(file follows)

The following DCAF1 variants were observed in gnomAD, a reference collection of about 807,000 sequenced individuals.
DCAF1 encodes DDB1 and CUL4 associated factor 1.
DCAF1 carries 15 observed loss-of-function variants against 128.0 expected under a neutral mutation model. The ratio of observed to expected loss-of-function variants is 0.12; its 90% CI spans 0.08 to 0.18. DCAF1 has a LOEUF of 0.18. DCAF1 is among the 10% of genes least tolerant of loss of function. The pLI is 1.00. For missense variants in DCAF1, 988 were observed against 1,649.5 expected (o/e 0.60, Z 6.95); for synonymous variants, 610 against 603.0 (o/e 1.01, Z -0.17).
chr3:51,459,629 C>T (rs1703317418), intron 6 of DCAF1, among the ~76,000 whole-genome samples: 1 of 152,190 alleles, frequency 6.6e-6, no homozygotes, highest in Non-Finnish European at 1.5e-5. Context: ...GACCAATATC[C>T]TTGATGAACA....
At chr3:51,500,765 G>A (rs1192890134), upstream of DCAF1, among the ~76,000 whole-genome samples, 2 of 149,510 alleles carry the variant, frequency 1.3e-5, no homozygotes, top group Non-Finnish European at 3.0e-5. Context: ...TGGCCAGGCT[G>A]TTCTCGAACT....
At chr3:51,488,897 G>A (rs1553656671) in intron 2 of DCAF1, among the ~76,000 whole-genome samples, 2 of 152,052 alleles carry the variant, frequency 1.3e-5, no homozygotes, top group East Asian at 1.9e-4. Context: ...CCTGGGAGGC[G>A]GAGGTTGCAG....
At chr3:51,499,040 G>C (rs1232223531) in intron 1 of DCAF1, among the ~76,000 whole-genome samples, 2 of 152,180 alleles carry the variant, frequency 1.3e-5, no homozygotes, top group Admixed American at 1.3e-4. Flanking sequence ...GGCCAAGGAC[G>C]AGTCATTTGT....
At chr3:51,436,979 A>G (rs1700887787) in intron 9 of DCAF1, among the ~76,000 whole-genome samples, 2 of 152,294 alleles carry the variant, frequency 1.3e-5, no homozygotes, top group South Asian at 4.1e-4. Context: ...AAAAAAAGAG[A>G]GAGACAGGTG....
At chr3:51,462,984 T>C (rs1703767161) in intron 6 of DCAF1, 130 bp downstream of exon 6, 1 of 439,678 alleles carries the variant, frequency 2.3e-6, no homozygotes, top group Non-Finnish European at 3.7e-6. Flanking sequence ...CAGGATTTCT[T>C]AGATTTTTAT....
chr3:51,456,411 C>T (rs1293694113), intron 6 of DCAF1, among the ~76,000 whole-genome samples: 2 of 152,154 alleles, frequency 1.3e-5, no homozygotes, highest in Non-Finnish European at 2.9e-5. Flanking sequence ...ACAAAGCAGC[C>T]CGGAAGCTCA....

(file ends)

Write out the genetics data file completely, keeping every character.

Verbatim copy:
The following DCAF1 variants were observed in gnomAD, a reference collection of about 807,000 sequenced individuals.
DCAF1 encodes DDB1 and CUL4 associated factor 1.
DCAF1 carries 15 observed loss-of-function variants against 128.0 expected under a neutral mutation model. The ratio of observed to expected loss-of-function variants is 0.12; its 90% CI spans 0.08 to 0.18. DCAF1 has a LOEUF of 0.18. DCAF1 is among the 10% of genes least tolerant of loss of function. The pLI is 1.00. For missense variants in DCAF1, 988 were observed against 1,649.5 expected (o/e 0.60, Z 6.95); for synonymous variants, 610 against 603.0 (o/e 1.01, Z -0.17).
chr3:51,459,629 C>T (rs1703317418), intron 6 of DCAF1, among the ~76,000 whole-genome samples: 1 of 152,190 alleles, frequency 6.6e-6, no homozygotes, highest in Non-Finnish European at 1.5e-5. Context: ...GACCAATATC[C>T]TTGATGAACA....
At chr3:51,500,765 G>A (rs1192890134), upstream of DCAF1, among the ~76,000 whole-genome samples, 2 of 149,510 alleles carry the variant, frequency 1.3e-5, no homozygotes, top group Non-Finnish European at 3.0e-5. Context: ...TGGCCAGGCT[G>A]TTCTCGAACT....
At chr3:51,488,897 G>A (rs1553656671) in intron 2 of DCAF1, among the ~76,000 whole-genome samples, 2 of 152,052 alleles carry the variant, frequency 1.3e-5, no homozygotes, top group East Asian at 1.9e-4. Context: ...CCTGGGAGGC[G>A]GAGGTTGCAG....
At chr3:51,499,040 G>C (rs1232223531) in intron 1 of DCAF1, among the ~76,000 whole-genome samples, 2 of 152,180 alleles carry the variant, frequency 1.3e-5, no homozygotes, top group Admixed American at 1.3e-4. Flanking sequence ...GGCCAAGGAC[G>C]AGTCATTTGT....
At chr3:51,436,979 A>G (rs1700887787) in intron 9 of DCAF1, among the ~76,000 whole-genome samples, 2 of 152,294 alleles carry the variant, frequency 1.3e-5, no homozygotes, top group South Asian at 4.1e-4. Context: ...AAAAAAAGAG[A>G]GAGACAGGTG....
At chr3:51,462,984 T>C (rs1703767161) in intron 6 of DCAF1, 130 bp downstream of exon 6, 1 of 439,678 alleles carries the variant, frequency 2.3e-6, no homozygotes, top group Non-Finnish European at 3.7e-6. Flanking sequence ...CAGGATTTCT[T>C]AGATTTTTAT....
chr3:51,456,411 C>T (rs1293694113), intron 6 of DCAF1, among the ~76,000 whole-genome samples: 2 of 152,154 alleles, frequency 1.3e-5, no homozygotes, highest in Non-Finnish European at 2.9e-5. Flanking sequence ...ACAAAGCAGC[C>T]CGGAAGCTCA....